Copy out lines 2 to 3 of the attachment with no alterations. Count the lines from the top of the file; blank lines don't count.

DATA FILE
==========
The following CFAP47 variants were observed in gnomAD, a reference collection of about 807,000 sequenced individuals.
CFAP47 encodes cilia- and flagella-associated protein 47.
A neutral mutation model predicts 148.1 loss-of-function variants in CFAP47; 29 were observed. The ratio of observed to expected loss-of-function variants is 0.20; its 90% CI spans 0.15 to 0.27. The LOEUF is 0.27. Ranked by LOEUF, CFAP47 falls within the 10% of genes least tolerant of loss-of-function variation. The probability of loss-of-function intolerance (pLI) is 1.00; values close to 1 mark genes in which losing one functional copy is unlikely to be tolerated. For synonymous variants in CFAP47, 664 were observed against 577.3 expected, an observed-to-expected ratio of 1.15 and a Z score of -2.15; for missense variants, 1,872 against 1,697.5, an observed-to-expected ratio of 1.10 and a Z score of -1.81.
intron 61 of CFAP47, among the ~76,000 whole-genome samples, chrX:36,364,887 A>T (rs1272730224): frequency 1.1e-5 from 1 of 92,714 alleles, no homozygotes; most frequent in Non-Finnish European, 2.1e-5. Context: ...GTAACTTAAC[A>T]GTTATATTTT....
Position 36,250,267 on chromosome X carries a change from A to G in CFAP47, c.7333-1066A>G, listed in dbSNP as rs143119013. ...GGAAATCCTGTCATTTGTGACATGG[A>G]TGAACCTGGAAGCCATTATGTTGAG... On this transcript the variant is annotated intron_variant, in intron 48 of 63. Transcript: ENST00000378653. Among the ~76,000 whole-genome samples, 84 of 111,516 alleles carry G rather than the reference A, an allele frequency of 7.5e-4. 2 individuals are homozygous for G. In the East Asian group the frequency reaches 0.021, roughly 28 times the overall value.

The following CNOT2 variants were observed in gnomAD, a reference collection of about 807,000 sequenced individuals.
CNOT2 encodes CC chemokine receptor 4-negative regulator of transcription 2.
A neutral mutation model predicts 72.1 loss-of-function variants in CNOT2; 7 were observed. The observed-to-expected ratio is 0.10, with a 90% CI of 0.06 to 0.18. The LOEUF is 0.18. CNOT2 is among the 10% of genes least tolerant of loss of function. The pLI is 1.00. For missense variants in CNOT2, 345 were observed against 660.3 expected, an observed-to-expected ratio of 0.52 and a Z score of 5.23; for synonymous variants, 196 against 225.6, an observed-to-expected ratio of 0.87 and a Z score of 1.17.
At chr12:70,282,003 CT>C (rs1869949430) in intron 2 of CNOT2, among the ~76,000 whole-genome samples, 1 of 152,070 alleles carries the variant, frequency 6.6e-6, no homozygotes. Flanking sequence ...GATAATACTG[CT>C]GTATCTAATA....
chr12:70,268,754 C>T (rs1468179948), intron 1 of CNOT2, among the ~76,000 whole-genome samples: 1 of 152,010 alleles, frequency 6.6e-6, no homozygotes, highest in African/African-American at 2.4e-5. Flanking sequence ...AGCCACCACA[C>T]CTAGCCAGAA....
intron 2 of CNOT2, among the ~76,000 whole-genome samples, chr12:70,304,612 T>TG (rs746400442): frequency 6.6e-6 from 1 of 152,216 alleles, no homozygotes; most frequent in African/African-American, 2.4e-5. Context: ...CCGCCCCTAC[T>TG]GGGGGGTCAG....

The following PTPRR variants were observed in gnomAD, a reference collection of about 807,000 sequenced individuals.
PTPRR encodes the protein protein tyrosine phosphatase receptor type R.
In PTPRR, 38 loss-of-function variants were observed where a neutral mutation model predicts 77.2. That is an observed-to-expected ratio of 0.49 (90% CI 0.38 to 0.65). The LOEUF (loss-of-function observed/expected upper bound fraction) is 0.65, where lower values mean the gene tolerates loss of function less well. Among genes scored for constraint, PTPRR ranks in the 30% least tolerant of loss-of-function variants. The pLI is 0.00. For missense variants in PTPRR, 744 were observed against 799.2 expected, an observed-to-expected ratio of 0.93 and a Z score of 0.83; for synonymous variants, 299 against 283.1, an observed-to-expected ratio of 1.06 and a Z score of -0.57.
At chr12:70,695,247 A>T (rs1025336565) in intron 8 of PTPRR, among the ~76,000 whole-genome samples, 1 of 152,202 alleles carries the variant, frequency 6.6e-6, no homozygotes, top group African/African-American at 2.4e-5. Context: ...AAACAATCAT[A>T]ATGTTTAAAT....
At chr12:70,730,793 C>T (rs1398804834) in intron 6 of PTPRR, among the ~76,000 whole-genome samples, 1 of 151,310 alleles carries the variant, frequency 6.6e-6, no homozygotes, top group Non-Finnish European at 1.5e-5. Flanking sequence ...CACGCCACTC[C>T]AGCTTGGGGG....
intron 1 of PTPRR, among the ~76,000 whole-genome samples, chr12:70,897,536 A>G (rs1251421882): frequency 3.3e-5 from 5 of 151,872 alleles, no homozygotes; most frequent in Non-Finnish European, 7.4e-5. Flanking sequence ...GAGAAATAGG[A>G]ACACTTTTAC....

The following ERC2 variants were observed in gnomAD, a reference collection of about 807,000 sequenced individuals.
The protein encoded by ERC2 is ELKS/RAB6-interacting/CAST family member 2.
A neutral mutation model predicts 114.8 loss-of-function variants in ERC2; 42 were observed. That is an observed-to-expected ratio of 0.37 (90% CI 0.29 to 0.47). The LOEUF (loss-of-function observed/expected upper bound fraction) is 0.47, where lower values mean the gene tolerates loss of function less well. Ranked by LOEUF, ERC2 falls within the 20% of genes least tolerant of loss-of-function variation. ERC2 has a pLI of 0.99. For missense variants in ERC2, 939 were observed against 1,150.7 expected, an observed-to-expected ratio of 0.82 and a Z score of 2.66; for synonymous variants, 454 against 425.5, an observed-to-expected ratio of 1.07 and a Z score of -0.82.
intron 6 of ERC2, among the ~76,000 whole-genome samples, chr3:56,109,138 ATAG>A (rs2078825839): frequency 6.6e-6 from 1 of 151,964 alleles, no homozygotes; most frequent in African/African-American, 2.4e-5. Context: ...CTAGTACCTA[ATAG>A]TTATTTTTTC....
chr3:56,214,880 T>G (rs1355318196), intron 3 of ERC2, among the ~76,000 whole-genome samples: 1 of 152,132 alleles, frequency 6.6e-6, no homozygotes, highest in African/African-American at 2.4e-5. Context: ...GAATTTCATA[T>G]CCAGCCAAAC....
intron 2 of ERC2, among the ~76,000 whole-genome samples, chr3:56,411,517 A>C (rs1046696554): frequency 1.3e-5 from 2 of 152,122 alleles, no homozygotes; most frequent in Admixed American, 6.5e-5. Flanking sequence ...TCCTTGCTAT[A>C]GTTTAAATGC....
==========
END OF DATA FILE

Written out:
CFAP47 encodes cilia- and flagella-associated protein 47.
A neutral mutation model predicts 148.1 loss-of-function variants in CFAP47; 29 were observed. The ratio of observed to expected loss-of-function variants is 0.20; its 90% CI spans 0.15 to 0.27. The LOEUF is 0.27. Ranked by LOEUF, CFAP47 falls within the 10% of genes least tolerant of loss-of-function variation. The probability of loss-of-function intolerance (pLI) is 1.00; values close to 1 mark genes in which losing one functional copy is unlikely to be tolerated. For synonymous variants in CFAP47, 664 were observed against 577.3 expected, an observed-to-expected ratio of 1.15 and a Z score of -2.15; for missense variants, 1,872 against 1,697.5, an observed-to-expected ratio of 1.10 and a Z score of -1.81.